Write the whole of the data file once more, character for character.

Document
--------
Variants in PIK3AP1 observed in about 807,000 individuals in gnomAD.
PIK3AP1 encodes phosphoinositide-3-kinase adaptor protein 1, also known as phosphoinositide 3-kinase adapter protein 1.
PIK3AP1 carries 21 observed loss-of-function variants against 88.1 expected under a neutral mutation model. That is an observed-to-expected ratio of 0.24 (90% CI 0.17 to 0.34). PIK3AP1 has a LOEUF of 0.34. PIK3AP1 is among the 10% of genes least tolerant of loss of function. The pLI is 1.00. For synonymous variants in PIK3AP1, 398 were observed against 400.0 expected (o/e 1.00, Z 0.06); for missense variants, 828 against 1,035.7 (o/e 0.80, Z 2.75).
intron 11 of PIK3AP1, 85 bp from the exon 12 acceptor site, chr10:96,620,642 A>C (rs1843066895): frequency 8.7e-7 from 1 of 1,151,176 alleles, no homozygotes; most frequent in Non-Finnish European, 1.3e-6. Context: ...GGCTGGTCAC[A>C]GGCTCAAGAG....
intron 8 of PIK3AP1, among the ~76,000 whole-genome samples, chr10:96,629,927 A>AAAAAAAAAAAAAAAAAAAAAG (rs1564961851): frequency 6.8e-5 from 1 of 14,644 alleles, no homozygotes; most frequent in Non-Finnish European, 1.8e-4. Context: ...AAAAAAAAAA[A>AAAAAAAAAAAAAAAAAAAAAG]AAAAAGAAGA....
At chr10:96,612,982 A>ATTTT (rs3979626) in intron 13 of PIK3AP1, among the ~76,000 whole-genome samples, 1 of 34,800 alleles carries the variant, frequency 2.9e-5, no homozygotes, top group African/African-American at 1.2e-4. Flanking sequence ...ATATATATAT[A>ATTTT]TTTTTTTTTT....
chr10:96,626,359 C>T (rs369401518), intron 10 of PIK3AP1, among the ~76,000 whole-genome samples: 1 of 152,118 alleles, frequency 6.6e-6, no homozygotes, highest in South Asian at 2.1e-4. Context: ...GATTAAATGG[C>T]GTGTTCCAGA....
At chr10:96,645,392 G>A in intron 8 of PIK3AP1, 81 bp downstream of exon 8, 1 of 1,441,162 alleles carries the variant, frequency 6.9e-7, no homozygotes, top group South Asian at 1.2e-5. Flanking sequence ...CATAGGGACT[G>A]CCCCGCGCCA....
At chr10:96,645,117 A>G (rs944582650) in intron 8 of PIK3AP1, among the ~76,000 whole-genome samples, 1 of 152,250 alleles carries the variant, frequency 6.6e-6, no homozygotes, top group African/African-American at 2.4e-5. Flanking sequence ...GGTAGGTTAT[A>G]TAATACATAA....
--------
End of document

Variants in PIK3AP1 observed in about 807,000 individuals in gnomAD.
PIK3AP1 encodes phosphoinositide-3-kinase adaptor protein 1, also known as phosphoinositide 3-kinase adapter protein 1.
PIK3AP1 carries 21 observed loss-of-function variants against 88.1 expected under a neutral mutation model. That is an observed-to-expected ratio of 0.24 (90% CI 0.17 to 0.34). PIK3AP1 has a LOEUF of 0.34. PIK3AP1 is among the 10% of genes least tolerant of loss of function. The pLI is 1.00. For synonymous variants in PIK3AP1, 398 were observed against 400.0 expected (o/e 1.00, Z 0.06); for missense variants, 828 against 1,035.7 (o/e 0.80, Z 2.75).
intron 11 of PIK3AP1, 85 bp from the exon 12 acceptor site, chr10:96,620,642 A>C (rs1843066895): frequency 8.7e-7 from 1 of 1,151,176 alleles, no homozygotes; most frequent in Non-Finnish European, 1.3e-6. Context: ...GGCTGGTCAC[A>C]GGCTCAAGAG....
intron 8 of PIK3AP1, among the ~76,000 whole-genome samples, chr10:96,629,927 A>AAAAAAAAAAAAAAAAAAAAAG (rs1564961851): frequency 6.8e-5 from 1 of 14,644 alleles, no homozygotes; most frequent in Non-Finnish European, 1.8e-4. Context: ...AAAAAAAAAA[A>AAAAAAAAAAAAAAAAAAAAAG]AAAAAGAAGA....
At chr10:96,612,982 A>ATTTT (rs3979626) in intron 13 of PIK3AP1, among the ~76,000 whole-genome samples, 1 of 34,800 alleles carries the variant, frequency 2.9e-5, no homozygotes, top group African/African-American at 1.2e-4. Flanking sequence ...ATATATATAT[A>ATTTT]TTTTTTTTTT....
chr10:96,626,359 C>T (rs369401518), intron 10 of PIK3AP1, among the ~76,000 whole-genome samples: 1 of 152,118 alleles, frequency 6.6e-6, no homozygotes, highest in South Asian at 2.1e-4. Context: ...GATTAAATGG[C>T]GTGTTCCAGA....
At chr10:96,645,392 G>A in intron 8 of PIK3AP1, 81 bp downstream of exon 8, 1 of 1,441,162 alleles carries the variant, frequency 6.9e-7, no homozygotes, top group South Asian at 1.2e-5. Flanking sequence ...CATAGGGACT[G>A]CCCCGCGCCA....
At chr10:96,645,117 A>G (rs944582650) in intron 8 of PIK3AP1, among the ~76,000 whole-genome samples, 1 of 152,250 alleles carries the variant, frequency 6.6e-6, no homozygotes, top group African/African-American at 2.4e-5. Flanking sequence ...GGTAGGTTAT[A>G]TAATACATAA....